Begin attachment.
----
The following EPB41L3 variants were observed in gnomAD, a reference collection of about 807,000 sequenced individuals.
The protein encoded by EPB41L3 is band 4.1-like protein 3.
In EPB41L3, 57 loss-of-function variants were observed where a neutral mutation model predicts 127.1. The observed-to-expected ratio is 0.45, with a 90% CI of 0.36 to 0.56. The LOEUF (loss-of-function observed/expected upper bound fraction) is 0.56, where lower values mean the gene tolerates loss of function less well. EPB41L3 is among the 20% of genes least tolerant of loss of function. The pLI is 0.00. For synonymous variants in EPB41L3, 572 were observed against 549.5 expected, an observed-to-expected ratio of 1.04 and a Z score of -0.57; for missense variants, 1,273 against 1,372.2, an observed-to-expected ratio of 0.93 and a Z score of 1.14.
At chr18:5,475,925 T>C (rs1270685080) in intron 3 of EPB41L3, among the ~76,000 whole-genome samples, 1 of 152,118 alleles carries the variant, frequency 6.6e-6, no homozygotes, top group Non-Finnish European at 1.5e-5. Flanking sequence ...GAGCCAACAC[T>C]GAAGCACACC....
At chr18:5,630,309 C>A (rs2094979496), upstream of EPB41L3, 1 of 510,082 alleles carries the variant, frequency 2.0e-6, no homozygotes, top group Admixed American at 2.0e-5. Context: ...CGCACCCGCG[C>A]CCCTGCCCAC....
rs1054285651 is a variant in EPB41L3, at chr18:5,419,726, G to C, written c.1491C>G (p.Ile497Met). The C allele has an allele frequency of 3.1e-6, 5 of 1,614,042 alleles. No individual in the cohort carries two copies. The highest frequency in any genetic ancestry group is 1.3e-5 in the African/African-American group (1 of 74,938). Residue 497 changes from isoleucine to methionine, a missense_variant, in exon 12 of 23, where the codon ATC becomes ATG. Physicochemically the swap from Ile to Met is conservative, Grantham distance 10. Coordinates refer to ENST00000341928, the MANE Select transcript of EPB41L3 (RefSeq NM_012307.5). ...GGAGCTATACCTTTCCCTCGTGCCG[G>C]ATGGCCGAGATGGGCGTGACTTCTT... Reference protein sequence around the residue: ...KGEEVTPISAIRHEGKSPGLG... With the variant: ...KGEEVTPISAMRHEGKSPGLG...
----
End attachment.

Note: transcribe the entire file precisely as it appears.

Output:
The following EPB41L3 variants were observed in gnomAD, a reference collection of about 807,000 sequenced individuals.
The protein encoded by EPB41L3 is band 4.1-like protein 3.
In EPB41L3, 57 loss-of-function variants were observed where a neutral mutation model predicts 127.1. The observed-to-expected ratio is 0.45, with a 90% CI of 0.36 to 0.56. The LOEUF (loss-of-function observed/expected upper bound fraction) is 0.56, where lower values mean the gene tolerates loss of function less well. EPB41L3 is among the 20% of genes least tolerant of loss of function. The pLI is 0.00. For synonymous variants in EPB41L3, 572 were observed against 549.5 expected, an observed-to-expected ratio of 1.04 and a Z score of -0.57; for missense variants, 1,273 against 1,372.2, an observed-to-expected ratio of 0.93 and a Z score of 1.14.
At chr18:5,475,925 T>C (rs1270685080) in intron 3 of EPB41L3, among the ~76,000 whole-genome samples, 1 of 152,118 alleles carries the variant, frequency 6.6e-6, no homozygotes, top group Non-Finnish European at 1.5e-5. Flanking sequence ...GAGCCAACAC[T>C]GAAGCACACC....
At chr18:5,630,309 C>A (rs2094979496), upstream of EPB41L3, 1 of 510,082 alleles carries the variant, frequency 2.0e-6, no homozygotes, top group Admixed American at 2.0e-5. Context: ...CGCACCCGCG[C>A]CCCTGCCCAC....
rs1054285651 is a variant in EPB41L3, at chr18:5,419,726, G to C, written c.1491C>G (p.Ile497Met). The C allele has an allele frequency of 3.1e-6, 5 of 1,614,042 alleles. No individual in the cohort carries two copies. The highest frequency in any genetic ancestry group is 1.3e-5 in the African/African-American group (1 of 74,938). Residue 497 changes from isoleucine to methionine, a missense_variant, in exon 12 of 23, where the codon ATC becomes ATG. Physicochemically the swap from Ile to Met is conservative, Grantham distance 10. Coordinates refer to ENST00000341928, the MANE Select transcript of EPB41L3 (RefSeq NM_012307.5). ...GGAGCTATACCTTTCCCTCGTGCCG[G>C]ATGGCCGAGATGGGCGTGACTTCTT... Reference protein sequence around the residue: ...KGEEVTPISAIRHEGKSPGLG... With the variant: ...KGEEVTPISAMRHEGKSPGLG...